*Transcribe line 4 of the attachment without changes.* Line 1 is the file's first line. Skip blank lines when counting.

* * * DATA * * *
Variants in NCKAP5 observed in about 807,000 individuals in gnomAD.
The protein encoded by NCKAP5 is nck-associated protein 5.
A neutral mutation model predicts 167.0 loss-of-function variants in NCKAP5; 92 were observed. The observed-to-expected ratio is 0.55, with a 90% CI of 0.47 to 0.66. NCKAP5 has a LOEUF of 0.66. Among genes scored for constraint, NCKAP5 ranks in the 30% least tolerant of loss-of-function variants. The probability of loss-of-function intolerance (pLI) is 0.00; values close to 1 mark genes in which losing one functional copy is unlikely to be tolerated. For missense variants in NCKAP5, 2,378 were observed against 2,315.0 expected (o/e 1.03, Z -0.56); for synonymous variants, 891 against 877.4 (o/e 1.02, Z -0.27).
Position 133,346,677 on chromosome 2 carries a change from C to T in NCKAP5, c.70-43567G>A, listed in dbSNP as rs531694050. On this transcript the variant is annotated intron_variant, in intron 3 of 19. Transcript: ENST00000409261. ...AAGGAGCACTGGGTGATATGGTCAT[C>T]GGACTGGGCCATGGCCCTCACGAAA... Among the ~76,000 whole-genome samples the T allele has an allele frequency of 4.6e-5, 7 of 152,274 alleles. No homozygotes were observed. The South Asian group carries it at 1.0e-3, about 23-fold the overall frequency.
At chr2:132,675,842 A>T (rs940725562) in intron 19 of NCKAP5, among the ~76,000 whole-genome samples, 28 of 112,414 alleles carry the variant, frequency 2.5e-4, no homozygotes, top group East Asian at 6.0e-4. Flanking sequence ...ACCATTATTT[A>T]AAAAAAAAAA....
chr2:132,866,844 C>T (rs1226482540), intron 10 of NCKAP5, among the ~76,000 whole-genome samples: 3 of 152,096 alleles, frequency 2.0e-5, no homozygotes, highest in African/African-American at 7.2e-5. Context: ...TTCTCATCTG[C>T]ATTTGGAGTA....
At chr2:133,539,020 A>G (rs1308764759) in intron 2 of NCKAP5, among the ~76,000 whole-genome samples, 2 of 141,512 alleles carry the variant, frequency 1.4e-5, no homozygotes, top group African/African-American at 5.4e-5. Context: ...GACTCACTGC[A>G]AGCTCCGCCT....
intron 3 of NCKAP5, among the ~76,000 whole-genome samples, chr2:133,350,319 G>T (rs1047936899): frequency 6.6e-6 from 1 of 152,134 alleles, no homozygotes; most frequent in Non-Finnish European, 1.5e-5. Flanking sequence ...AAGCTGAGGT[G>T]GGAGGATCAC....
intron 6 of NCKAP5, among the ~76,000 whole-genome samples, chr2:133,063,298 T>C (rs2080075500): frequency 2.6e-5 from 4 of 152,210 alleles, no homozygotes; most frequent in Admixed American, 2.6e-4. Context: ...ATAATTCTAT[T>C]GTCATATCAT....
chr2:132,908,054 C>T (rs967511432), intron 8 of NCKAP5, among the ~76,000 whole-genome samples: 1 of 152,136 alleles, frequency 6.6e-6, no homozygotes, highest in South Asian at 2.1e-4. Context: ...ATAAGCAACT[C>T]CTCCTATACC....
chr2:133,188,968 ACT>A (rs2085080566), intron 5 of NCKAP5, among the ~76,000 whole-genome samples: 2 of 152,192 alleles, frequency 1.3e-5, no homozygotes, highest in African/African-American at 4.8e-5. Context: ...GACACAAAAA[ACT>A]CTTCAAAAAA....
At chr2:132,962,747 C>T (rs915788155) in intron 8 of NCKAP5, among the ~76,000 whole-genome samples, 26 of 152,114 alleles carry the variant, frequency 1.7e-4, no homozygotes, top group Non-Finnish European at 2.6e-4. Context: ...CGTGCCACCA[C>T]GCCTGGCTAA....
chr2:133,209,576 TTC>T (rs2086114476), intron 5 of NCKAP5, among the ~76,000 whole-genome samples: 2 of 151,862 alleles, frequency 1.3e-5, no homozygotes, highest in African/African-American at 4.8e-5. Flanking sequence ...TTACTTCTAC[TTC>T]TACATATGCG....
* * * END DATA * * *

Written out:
Position 133,346,677 on chromosome 2 carries a change from C to T in NCKAP5, c.70-43567G>A, listed in dbSNP as rs531694050. On this transcript the variant is annotated intron_variant, in intron 3 of 19. Transcript: ENST00000409261. ...AAGGAGCACTGGGTGATATGGTCAT[C>T]GGACTGGGCCATGGCCCTCACGAAA... Among the ~76,000 whole-genome samples the T allele has an allele frequency of 4.6e-5, 7 of 152,274 alleles. No homozygotes were observed. The South Asian group carries it at 1.0e-3, about 23-fold the overall frequency.